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Björn Rúnar Guðmundsson

Financialisation in Iceland should be seen as an evolving process driven by a mixture of global and domestic forces. Responding to fundamental issues underlying macroeconomic imbalances, the authorities introduced policies that proved particularly supportive of financial expansion at a time when cross-border capital movements were rapidly on the rise. Consequently, the rise in financial activity has had profound effects on income distribution and corporate and household behaviour. Following the 2008 financial meltdown, which was triggered by excessive growth of the financial sector, financialisation in Iceland has reversed to a degree, allowing for a shift away from financial-led towards increasingly export-led growth.

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Hamid Raza, Bjorn Runar Gudmundsson, Gylfi Zoega and Mikael Randrup Byrialsen

This paper attempts to explain the role of capital inflows in creating economic booms and busts in a small open economy with sovereign currency. We develop a stock–flow consistent (SFC) model for a small open economy while relying on the experience of the Icelandic crisis. We demonstrate the destabilising effects of capital inflows on the economy by allowing for a sudden stop, and also discuss the role of capital controls as a policy response in the event of a crisis due to sudden stops. Finally, we discuss the policy implications of our results in order to tackle the destabilising effects associated with financial flows in a small economy.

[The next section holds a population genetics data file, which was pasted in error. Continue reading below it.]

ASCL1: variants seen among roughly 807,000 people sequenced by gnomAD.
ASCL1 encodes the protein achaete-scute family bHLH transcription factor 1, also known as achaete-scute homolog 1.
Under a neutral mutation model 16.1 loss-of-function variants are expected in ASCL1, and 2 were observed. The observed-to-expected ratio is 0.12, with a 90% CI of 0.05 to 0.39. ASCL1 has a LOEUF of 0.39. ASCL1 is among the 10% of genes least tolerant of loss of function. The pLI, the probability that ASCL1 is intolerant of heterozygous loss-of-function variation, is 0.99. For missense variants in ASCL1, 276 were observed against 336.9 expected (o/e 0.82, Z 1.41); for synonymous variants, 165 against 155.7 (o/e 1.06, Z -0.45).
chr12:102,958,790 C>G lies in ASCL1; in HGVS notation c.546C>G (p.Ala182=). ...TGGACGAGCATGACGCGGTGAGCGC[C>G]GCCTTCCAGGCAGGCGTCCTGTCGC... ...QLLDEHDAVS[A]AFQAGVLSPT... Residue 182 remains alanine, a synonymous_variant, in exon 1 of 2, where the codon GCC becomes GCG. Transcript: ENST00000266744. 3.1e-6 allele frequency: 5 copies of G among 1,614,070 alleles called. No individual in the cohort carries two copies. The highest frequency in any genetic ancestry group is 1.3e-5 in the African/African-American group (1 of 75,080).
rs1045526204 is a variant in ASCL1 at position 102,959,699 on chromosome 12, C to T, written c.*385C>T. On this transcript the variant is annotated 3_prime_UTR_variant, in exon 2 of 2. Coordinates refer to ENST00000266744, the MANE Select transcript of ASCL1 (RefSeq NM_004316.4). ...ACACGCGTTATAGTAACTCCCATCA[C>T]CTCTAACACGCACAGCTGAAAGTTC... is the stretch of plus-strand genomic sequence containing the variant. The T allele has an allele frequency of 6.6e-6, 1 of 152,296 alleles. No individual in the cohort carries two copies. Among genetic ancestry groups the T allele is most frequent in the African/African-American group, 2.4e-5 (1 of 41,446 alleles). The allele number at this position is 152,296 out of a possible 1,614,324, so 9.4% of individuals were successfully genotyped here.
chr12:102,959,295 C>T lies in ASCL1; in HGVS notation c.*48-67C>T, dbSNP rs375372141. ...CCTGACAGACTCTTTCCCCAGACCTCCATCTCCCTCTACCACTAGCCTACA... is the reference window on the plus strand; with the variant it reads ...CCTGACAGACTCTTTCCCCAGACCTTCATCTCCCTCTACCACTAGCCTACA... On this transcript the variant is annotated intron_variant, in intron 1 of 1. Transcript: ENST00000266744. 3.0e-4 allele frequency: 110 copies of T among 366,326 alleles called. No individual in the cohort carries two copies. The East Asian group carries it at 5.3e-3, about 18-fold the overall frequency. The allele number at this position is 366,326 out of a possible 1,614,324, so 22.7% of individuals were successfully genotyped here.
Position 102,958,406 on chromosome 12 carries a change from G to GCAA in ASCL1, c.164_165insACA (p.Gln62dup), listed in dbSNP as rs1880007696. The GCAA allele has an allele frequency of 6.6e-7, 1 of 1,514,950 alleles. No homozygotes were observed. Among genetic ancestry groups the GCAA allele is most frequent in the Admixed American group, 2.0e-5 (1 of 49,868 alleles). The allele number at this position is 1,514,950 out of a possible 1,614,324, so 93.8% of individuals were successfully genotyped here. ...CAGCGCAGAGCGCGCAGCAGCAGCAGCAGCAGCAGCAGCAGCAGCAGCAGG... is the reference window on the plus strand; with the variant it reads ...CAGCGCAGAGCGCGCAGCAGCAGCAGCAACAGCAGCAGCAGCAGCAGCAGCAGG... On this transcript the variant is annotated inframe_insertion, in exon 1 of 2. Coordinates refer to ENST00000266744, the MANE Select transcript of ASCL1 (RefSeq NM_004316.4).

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Hamid Raza, Mikael Randrup Byrialsen, Bjorn Runar Gudmundsson and Gylfi Zoega

The aim of this chapter is to understand the international dimension of the crisis in small open economies, which experienced persistent current account deficits before the global financial crisis. We develop a theoretical framework to explain the role of capital inflows in creating economic booms in a small open economy with sovereign currency. We demonstrate the destabilizing effects of capital inflows on the economy. We conclude that large speculative inflows generate debt-led booms, which are not sustainable in the long run. The episode of boom is followed by a bust, which is usually stronger in magnitude than the preceding boom. In particular, sovereign regimes are easily destabilized due to currency risk premiums and large trade balance effects. However, they also have the potential to adjust more rapidly owing to exchange rate flexibility, capital control and autonomous restructuring of the financial sector